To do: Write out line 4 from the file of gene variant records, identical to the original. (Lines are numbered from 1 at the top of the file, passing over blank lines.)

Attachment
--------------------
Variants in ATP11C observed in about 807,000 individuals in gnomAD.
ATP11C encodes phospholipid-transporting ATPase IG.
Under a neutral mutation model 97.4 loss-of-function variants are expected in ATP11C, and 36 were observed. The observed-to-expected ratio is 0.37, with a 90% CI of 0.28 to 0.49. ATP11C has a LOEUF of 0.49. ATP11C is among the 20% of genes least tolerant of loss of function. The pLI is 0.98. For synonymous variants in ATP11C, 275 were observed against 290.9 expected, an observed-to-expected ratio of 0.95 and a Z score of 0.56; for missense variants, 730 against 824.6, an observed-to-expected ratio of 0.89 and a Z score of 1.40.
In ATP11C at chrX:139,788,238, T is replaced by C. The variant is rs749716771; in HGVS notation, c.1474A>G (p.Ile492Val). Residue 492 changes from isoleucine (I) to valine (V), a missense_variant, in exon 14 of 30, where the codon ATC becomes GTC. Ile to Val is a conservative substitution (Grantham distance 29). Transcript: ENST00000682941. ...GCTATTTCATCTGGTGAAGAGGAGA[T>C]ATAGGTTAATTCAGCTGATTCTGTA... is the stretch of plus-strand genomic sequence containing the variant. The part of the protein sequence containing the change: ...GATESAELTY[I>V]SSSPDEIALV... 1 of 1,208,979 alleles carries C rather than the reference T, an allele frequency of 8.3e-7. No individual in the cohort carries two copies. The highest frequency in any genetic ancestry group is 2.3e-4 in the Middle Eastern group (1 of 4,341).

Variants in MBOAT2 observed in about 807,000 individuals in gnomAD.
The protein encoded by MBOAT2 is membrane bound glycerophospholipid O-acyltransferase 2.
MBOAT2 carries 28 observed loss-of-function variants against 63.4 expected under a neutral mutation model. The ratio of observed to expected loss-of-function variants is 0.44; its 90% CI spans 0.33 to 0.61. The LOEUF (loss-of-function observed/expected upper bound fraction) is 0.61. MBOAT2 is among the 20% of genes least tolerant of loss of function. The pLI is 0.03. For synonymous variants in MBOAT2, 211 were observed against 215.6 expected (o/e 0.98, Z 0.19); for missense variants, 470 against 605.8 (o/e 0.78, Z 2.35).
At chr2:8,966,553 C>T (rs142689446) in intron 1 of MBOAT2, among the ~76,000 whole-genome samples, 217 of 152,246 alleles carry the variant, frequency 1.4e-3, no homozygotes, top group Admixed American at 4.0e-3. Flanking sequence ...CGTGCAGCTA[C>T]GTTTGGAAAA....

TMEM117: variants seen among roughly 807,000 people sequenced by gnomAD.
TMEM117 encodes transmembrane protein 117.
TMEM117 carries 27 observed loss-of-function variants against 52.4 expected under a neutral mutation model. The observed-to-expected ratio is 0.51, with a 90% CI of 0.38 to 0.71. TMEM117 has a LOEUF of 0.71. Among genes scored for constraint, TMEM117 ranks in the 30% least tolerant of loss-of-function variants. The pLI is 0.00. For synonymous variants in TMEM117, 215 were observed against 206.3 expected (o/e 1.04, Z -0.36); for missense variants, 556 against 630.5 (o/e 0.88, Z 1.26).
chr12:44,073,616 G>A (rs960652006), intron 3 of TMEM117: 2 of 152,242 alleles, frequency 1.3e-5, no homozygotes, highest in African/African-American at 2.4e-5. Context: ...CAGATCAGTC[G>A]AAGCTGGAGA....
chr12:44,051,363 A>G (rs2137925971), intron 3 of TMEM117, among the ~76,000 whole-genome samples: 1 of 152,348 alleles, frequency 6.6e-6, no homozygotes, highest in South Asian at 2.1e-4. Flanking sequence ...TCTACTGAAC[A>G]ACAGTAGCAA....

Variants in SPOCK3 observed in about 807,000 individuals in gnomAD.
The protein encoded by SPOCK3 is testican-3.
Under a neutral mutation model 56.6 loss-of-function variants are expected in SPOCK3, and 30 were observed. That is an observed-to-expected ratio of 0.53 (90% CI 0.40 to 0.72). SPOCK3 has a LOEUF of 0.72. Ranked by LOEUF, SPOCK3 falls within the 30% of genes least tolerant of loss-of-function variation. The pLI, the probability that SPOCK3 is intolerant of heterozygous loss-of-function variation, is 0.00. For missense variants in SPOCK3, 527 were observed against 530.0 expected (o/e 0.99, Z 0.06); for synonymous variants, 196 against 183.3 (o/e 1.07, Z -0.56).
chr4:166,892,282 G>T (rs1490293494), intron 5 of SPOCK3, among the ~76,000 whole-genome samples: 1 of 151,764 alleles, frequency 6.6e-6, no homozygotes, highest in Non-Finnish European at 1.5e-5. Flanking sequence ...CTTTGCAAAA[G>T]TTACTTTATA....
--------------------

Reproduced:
In ATP11C at chrX:139,788,238, T is replaced by C. The variant is rs749716771; in HGVS notation, c.1474A>G (p.Ile492Val). Residue 492 changes from isoleucine (I) to valine (V), a missense_variant, in exon 14 of 30, where the codon ATC becomes GTC. Ile to Val is a conservative substitution (Grantham distance 29). Transcript: ENST00000682941. ...GCTATTTCATCTGGTGAAGAGGAGA[T>C]ATAGGTTAATTCAGCTGATTCTGTA... is the stretch of plus-strand genomic sequence containing the variant. The part of the protein sequence containing the change: ...GATESAELTY[I>V]SSSPDEIALV... 1 of 1,208,979 alleles carries C rather than the reference T, an allele frequency of 8.3e-7. No individual in the cohort carries two copies. The highest frequency in any genetic ancestry group is 2.3e-4 in the Middle Eastern group (1 of 4,341).